PreSeason Wrap-Up

With preseason having wrapped up it’s a good time to quickly look back at some of the items we’ve been discussing and reflect on them.

We made it through the long-preseason.
We made it through the long-preseason.

I thought with pre-season having wrapped up it would be a good time to quickly look back at some of the items we’ve been discussing and reflect on them as we head into the season opener on Wednesday.

Preseason – Does it Mean Anything?
A 6-1 record is nothing to sneeze it, especially when it’s accompanied by a top-5 offensive efficiency just a year after being 29th in the stat. The defense wasn’t quite where coach Dwane Casey wants it, but the offense was on point. In addition, newcomers Kyle Lowry and Jonas Valanciunas seem to have acclimated themselves well, though Terrence Ross and Landry Fields have been a bit slower to come around and get comfortable in their roles.

I wrote an article for Hoop Data yesterday (I’ll hyperlink when it’s up Monday) that outlines whether or not we should put much stock in the preseason. The answer is yes, a little bit, as very few teams in recent years have been this successful in the preseason without seeing resultant gains in the regular season.

DeMar DeRozan Shooting Patterns
Originally this article was going to be strictly about DeRozan’s shooting habits in the preseason, which appear, to my eye (note: I only saw four of the seven games) to be more what we’re hoping for, with a continued focus on attacking the rim. As it is, only one of the seven preseason games have shot charts available for them, so this is damn near impossible to do (play by play results don’t always show shot distances). So, I’m left to simply use free throw attempts as a gauge.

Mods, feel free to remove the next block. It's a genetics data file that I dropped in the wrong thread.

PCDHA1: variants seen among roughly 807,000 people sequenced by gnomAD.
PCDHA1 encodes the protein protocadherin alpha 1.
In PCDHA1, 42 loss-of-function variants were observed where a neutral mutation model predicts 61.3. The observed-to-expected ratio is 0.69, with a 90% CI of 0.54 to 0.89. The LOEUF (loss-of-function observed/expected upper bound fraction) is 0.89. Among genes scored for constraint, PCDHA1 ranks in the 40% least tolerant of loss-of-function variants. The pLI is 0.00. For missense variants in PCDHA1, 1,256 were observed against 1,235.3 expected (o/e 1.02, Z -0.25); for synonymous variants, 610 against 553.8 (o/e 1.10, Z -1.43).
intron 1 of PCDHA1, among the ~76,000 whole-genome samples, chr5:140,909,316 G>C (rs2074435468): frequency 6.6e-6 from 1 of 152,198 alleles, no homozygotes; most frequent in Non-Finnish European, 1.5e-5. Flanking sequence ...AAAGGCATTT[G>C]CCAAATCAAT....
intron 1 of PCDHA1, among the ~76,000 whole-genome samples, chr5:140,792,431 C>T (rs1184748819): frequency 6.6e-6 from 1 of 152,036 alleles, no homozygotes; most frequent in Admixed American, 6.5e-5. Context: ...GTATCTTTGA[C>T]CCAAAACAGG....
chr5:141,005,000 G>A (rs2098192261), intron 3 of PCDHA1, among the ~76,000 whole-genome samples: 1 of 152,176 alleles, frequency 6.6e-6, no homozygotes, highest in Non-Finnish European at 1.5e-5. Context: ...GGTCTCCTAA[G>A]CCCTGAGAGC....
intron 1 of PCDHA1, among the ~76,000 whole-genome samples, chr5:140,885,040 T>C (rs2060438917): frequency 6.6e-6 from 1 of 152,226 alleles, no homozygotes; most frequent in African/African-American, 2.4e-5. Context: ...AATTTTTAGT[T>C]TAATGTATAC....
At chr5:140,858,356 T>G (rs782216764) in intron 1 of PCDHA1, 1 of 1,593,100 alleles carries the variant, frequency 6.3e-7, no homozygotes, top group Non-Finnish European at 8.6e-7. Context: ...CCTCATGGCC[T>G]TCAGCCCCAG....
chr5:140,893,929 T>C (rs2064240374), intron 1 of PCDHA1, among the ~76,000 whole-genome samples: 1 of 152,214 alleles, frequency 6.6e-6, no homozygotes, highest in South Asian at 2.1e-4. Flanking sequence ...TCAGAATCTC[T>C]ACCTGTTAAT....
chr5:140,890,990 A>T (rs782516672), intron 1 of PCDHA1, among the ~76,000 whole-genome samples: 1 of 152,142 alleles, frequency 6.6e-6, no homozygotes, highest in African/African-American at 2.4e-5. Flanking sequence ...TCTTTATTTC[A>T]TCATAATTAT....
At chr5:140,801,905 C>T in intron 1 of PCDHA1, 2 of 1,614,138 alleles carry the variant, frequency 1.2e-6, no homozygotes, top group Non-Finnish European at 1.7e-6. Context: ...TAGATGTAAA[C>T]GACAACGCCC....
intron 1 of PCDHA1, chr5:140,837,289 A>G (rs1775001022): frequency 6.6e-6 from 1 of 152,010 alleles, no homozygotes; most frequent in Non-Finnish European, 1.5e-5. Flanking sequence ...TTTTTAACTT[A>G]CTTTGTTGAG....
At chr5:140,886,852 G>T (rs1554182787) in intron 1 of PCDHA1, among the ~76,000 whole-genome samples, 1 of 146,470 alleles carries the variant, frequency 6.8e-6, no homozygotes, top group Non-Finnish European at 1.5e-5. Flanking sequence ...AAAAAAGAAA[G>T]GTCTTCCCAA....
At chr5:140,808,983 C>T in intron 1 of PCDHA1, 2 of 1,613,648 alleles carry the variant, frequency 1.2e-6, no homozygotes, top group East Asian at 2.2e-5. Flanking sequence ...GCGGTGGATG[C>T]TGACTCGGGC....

And it’s impressive. Last year, DeMar averaged 5.3 free throw attempts per game in 35 minutes, or 5.45 per 36 minutes. He also averaged 14.3 field goal attempts, meaning he took 0.37 free throws for every field goal. In the preseason those rates improved to 5.7 attempts per game in just 26 minutes, good for a rate of 7.9 attempts per 36 minutes, or a 45% increase in free throw attempt frequency. That’s the same rate as LeBron last year, as a reference point. He shot just under 11 field goals per contest, meaning he took 0.53 free throws for every field goal, a 43% improvement.

So yes, DeMar has been shooting from the field a bit more but also from the line a lot more, which is a huge positive. I wish I could break down where those other shots were coming from in terms of at the rim (good), mid-range (less good), or long-twos (bad), but I can’t.

Jonas Valanciunas – Saviour
The Lethaluanian has been a treat to watch so far, and great to listen to off the floor based on sound bites and media reports. It’s a nice sign that he’s so eager to learn and please, and I highly recommend anyone who hasn’t seen it check out Eric Koreen’s recent profile on him and Holly MacKenzie’s earlier profile on him. Those are must-reads for Raptor fans.

In terms of numbers, Jonas fared well in his 23 minutes of action a night. Valanciunas posted 6.8 rebounds per game, two of those on the offensive glass, while adding 8.3 points a night on 48.5% shooting. Perhaps more importantly, he took 3.8 trips to the line per game and converted at a 78.3% clip, a great sign early for the young stud. He also led all rookies with 1.8 blocks per game, though he was also third with 2.7 turnovers, showing he’s still a bit green. The biggest positive might be that he averaged just 3.3 fouls in 23.3 minutes, meaning that given an anticipated workload of 25 minutes a night, he shouldn’t find himself in foul trouble all too often (sometimes, sure).